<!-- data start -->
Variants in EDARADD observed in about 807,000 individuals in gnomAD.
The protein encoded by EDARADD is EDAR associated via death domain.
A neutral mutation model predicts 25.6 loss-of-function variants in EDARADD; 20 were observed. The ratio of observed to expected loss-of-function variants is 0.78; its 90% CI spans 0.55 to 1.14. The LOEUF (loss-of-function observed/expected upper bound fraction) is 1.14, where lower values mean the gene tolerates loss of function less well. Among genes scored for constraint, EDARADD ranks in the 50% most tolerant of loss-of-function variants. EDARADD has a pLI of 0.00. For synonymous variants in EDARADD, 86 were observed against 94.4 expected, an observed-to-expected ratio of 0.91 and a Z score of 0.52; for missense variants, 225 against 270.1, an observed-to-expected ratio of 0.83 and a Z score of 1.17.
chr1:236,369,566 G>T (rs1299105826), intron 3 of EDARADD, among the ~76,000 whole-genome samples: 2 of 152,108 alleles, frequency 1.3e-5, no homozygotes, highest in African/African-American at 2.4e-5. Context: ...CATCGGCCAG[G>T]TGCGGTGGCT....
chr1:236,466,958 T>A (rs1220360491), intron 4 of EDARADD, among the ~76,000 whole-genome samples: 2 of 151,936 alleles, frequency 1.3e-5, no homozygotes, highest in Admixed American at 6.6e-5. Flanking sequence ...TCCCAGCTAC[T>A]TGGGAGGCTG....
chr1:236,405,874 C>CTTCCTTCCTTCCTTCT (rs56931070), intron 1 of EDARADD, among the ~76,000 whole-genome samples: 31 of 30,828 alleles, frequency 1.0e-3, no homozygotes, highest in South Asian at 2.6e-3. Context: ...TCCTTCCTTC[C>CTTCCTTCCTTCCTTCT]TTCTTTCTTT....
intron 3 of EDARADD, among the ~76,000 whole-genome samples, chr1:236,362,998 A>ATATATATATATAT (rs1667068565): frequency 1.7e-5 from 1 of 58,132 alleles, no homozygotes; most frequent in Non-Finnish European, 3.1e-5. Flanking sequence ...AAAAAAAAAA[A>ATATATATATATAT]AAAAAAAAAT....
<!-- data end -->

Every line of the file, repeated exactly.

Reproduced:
Variants in EDARADD observed in about 807,000 individuals in gnomAD.
The protein encoded by EDARADD is EDAR associated via death domain.
A neutral mutation model predicts 25.6 loss-of-function variants in EDARADD; 20 were observed. The ratio of observed to expected loss-of-function variants is 0.78; its 90% CI spans 0.55 to 1.14. The LOEUF (loss-of-function observed/expected upper bound fraction) is 1.14, where lower values mean the gene tolerates loss of function less well. Among genes scored for constraint, EDARADD ranks in the 50% most tolerant of loss-of-function variants. EDARADD has a pLI of 0.00. For synonymous variants in EDARADD, 86 were observed against 94.4 expected, an observed-to-expected ratio of 0.91 and a Z score of 0.52; for missense variants, 225 against 270.1, an observed-to-expected ratio of 0.83 and a Z score of 1.17.
chr1:236,369,566 G>T (rs1299105826), intron 3 of EDARADD, among the ~76,000 whole-genome samples: 2 of 152,108 alleles, frequency 1.3e-5, no homozygotes, highest in African/African-American at 2.4e-5. Context: ...CATCGGCCAG[G>T]TGCGGTGGCT....
chr1:236,466,958 T>A (rs1220360491), intron 4 of EDARADD, among the ~76,000 whole-genome samples: 2 of 151,936 alleles, frequency 1.3e-5, no homozygotes, highest in Admixed American at 6.6e-5. Flanking sequence ...TCCCAGCTAC[T>A]TGGGAGGCTG....
chr1:236,405,874 C>CTTCCTTCCTTCCTTCT (rs56931070), intron 1 of EDARADD, among the ~76,000 whole-genome samples: 31 of 30,828 alleles, frequency 1.0e-3, no homozygotes, highest in South Asian at 2.6e-3. Context: ...TCCTTCCTTC[C>CTTCCTTCCTTCCTTCT]TTCTTTCTTT....
intron 3 of EDARADD, among the ~76,000 whole-genome samples, chr1:236,362,998 A>ATATATATATATAT (rs1667068565): frequency 1.7e-5 from 1 of 58,132 alleles, no homozygotes; most frequent in Non-Finnish European, 3.1e-5. Flanking sequence ...AAAAAAAAAA[A>ATATATATATATAT]AAAAAAAAAT....